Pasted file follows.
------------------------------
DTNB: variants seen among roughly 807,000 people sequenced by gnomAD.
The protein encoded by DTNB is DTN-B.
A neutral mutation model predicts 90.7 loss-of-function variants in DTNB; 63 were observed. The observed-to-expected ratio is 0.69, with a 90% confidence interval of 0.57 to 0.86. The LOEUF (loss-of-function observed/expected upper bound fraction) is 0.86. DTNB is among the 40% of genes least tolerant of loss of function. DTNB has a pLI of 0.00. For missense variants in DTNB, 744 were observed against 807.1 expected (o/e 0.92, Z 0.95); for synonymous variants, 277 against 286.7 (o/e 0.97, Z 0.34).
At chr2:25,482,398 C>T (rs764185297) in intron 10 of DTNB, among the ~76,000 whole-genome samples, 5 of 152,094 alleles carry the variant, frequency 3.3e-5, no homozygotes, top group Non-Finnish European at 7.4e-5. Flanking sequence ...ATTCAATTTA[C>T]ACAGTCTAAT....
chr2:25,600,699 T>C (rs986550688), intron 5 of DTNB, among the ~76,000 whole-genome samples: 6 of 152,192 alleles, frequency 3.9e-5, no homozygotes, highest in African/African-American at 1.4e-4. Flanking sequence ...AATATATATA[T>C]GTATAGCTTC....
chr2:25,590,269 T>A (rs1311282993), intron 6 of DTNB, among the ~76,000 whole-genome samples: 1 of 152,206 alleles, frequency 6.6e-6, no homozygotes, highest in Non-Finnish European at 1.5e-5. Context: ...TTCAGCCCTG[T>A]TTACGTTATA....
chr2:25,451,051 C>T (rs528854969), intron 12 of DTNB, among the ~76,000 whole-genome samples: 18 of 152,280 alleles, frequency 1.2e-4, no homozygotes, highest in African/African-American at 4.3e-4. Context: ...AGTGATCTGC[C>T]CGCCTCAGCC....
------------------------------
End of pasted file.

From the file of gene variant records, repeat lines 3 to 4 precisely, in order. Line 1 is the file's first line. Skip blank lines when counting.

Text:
A neutral mutation model predicts 90.7 loss-of-function variants in DTNB; 63 were observed. The observed-to-expected ratio is 0.69, with a 90% confidence interval of 0.57 to 0.86. The LOEUF (loss-of-function observed/expected upper bound fraction) is 0.86. DTNB is among the 40% of genes least tolerant of loss of function. DTNB has a pLI of 0.00. For missense variants in DTNB, 744 were observed against 807.1 expected (o/e 0.92, Z 0.95); for synonymous variants, 277 against 286.7 (o/e 0.97, Z 0.34).
At chr2:25,482,398 C>T (rs764185297) in intron 10 of DTNB, among the ~76,000 whole-genome samples, 5 of 152,094 alleles carry the variant, frequency 3.3e-5, no homozygotes, top group Non-Finnish European at 7.4e-5. Flanking sequence ...ATTCAATTTA[C>T]ACAGTCTAAT....